Skip to content

Egypt and Japan interlace in Australia

Weaving underway with the narrow warp I decided to use tapestry techniques to emulate the rounded shapes of the potatoes. I’m weaving lozenge shapes to get the feeling and using a little more of the contrasting orange that the imagery suggests so I can get a stronger effect. Historically this type of weave was explored best by the Egyptian Copts. Here is an example. Instead of weaving to a straight fell, the weave is built up to express the required shapes ignoring the inclination to have all rows even and ordered for either aesthetics or tension. The result is a weave that goes with the design rather than flattening it, especially curved and lozenge shapes. The skill of the weaver lies in balancing  the beat of each individual weft to allay tension issues which could impact on the completed cloth.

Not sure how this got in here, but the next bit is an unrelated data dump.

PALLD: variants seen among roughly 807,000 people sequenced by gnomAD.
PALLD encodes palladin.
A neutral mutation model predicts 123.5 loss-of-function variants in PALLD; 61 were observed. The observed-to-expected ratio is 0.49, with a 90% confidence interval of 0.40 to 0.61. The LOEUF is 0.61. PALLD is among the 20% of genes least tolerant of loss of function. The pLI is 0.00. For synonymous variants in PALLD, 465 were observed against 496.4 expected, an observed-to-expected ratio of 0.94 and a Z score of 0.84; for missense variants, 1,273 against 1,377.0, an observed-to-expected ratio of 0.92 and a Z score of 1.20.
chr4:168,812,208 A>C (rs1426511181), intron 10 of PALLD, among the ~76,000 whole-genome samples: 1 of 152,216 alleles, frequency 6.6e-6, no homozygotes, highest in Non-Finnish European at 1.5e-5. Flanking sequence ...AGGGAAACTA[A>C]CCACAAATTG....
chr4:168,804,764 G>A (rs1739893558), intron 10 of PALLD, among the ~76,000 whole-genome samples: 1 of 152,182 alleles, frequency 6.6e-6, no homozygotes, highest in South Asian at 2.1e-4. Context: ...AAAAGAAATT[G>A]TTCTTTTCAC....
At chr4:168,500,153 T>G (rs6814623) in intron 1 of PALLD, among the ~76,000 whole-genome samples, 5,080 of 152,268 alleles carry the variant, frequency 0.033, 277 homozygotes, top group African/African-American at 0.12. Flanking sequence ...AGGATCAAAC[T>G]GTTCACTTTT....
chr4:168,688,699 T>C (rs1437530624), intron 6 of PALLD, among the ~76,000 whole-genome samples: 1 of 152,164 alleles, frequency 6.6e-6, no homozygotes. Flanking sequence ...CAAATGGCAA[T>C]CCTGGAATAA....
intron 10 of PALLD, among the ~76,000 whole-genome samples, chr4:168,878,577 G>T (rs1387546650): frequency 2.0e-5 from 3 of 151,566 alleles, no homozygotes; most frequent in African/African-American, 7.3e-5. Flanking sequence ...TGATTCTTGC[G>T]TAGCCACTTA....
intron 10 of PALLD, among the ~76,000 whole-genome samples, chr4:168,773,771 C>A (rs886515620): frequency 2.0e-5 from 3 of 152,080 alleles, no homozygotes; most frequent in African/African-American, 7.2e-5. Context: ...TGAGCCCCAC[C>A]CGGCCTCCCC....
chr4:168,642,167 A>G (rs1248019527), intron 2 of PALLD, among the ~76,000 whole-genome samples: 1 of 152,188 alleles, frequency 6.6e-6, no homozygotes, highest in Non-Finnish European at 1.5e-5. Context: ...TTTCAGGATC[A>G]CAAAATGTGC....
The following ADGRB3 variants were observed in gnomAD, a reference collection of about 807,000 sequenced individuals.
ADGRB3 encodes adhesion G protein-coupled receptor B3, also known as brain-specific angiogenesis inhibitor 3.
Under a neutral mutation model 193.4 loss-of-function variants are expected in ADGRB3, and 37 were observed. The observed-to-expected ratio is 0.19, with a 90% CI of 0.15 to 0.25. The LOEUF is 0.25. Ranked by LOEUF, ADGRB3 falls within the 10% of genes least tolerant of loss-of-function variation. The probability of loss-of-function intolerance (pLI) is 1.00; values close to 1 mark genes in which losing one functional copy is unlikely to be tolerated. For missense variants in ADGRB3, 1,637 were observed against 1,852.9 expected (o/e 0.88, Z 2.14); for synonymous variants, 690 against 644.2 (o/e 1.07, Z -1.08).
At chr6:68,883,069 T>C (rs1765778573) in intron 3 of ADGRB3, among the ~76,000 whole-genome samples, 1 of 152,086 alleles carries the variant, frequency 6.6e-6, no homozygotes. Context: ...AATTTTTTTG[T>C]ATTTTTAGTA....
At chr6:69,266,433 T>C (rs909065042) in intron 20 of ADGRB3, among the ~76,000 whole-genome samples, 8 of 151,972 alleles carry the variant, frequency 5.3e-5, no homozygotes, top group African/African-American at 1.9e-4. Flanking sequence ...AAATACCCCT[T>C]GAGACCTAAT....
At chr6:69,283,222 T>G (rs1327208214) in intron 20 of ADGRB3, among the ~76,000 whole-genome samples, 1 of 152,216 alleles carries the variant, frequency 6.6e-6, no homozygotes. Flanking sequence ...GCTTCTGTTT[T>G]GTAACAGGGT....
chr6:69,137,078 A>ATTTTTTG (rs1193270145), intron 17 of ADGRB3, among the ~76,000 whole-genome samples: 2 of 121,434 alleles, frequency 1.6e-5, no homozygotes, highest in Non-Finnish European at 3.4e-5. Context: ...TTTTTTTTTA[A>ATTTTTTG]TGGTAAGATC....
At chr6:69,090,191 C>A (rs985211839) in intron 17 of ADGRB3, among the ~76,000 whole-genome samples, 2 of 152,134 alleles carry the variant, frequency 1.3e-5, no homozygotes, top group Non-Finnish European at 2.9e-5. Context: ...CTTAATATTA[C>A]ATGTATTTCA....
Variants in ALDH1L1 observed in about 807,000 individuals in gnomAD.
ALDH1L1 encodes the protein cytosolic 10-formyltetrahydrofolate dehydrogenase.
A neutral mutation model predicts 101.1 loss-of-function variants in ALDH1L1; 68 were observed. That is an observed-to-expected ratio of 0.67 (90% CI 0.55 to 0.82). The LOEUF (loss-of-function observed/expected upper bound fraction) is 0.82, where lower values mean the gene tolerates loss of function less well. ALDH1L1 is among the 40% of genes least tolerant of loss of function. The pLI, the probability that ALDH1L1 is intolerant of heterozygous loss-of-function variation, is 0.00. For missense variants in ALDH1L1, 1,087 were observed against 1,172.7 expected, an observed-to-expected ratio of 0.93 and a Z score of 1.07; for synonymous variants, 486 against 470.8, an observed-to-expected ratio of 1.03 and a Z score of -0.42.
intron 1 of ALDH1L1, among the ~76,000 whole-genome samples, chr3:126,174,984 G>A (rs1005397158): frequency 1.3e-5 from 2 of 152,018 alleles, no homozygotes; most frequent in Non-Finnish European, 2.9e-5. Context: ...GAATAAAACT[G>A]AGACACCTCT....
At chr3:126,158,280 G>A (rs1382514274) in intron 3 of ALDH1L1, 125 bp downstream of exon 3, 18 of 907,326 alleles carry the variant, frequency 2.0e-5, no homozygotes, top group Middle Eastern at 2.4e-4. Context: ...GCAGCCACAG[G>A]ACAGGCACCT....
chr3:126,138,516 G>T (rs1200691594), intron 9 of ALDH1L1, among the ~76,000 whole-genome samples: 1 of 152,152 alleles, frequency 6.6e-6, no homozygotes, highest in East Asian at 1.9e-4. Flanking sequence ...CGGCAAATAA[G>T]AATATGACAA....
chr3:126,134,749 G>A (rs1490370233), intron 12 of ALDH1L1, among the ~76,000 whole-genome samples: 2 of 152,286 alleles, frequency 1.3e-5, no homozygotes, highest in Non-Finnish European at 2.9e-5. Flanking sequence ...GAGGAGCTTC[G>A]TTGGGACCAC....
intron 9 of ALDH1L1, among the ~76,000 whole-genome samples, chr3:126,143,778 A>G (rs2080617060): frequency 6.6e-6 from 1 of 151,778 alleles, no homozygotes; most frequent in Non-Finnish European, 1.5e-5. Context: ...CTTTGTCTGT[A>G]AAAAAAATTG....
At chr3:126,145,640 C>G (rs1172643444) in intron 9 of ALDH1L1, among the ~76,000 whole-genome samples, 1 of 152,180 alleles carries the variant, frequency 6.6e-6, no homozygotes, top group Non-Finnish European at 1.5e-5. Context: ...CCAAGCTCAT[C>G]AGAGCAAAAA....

I’m trying not to beat heavily overall but allowing some denseness for the lozenge wefts. I think this technique is really suited to the Saori technique.  What am I making? Skinny scarf mark one.  More next week.

3 Comments Post a comment
  1. That is looking very interesting. I’m surprised to see the orange -makes me think of sweet potatoes (kumara). I like the shapes that you are creating and they give me ideas for my apples photo…

    Happy Weaving,
    Terri

    June 27, 2011
  2. I’m often surprised that over years (centuries?) that kind of build up ends up being smoothed down and flattened to “match” the surrounds, if that’s what we want, which is often what I like.

    June 29, 2011
  3. It’d be very interesting to see how it washes/fulls.

    Kaz, I can’t tell you enough times how much I love the colors in the photo below your “Why Weave” section.

    June 29, 2011

Leave a Reply

You may use basic HTML in your comments. Your email address will not be published.

Subscribe to this comment feed via RSS